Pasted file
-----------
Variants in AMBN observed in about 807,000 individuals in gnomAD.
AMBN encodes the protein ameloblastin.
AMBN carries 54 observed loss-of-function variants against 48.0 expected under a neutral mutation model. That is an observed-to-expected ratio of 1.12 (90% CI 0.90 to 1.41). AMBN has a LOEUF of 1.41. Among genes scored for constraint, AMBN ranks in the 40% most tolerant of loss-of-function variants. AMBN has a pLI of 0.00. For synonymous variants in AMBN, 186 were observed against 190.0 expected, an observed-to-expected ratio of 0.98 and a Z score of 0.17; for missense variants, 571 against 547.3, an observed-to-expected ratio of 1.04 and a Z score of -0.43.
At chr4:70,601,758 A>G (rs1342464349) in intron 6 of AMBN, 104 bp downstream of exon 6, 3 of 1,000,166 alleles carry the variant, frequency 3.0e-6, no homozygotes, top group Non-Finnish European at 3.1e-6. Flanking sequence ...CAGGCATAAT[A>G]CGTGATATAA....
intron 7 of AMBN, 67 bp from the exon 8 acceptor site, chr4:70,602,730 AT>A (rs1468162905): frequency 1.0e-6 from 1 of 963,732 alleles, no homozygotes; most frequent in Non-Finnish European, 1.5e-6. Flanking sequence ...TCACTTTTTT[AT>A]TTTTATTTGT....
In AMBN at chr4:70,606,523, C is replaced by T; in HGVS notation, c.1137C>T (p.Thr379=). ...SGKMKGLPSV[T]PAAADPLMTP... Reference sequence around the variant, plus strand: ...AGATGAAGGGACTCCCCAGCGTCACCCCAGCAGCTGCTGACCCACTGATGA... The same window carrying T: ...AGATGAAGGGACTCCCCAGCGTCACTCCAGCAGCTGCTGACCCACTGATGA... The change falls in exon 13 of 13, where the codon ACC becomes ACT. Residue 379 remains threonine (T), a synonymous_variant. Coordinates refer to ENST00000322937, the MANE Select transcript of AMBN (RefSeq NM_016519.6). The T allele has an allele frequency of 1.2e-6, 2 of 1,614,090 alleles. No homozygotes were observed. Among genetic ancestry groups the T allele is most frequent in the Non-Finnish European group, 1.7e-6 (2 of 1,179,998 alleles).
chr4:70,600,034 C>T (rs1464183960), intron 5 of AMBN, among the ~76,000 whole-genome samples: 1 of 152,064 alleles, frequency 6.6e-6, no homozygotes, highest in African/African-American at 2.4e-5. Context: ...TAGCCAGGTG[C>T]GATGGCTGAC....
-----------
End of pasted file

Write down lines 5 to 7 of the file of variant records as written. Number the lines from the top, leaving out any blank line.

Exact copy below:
intron 7 of AMBN, 67 bp from the exon 8 acceptor site, chr4:70,602,730 AT>A (rs1468162905): frequency 1.0e-6 from 1 of 963,732 alleles, no homozygotes; most frequent in Non-Finnish European, 1.5e-6. Flanking sequence ...TCACTTTTTT[AT>A]TTTTATTTGT....
In AMBN at chr4:70,606,523, C is replaced by T; in HGVS notation, c.1137C>T (p.Thr379=). ...SGKMKGLPSV[T]PAAADPLMTP... Reference sequence around the variant, plus strand: ...AGATGAAGGGACTCCCCAGCGTCACCCCAGCAGCTGCTGACCCACTGATGA... The same window carrying T: ...AGATGAAGGGACTCCCCAGCGTCACTCCAGCAGCTGCTGACCCACTGATGA... The change falls in exon 13 of 13, where the codon ACC becomes ACT. Residue 379 remains threonine (T), a synonymous_variant. Coordinates refer to ENST00000322937, the MANE Select transcript of AMBN (RefSeq NM_016519.6). The T allele has an allele frequency of 1.2e-6, 2 of 1,614,090 alleles. No homozygotes were observed. Among genetic ancestry groups the T allele is most frequent in the Non-Finnish European group, 1.7e-6 (2 of 1,179,998 alleles).
chr4:70,600,034 C>T (rs1464183960), intron 5 of AMBN, among the ~76,000 whole-genome samples: 1 of 152,064 alleles, frequency 6.6e-6, no homozygotes, highest in African/African-American at 2.4e-5. Context: ...TAGCCAGGTG[C>T]GATGGCTGAC....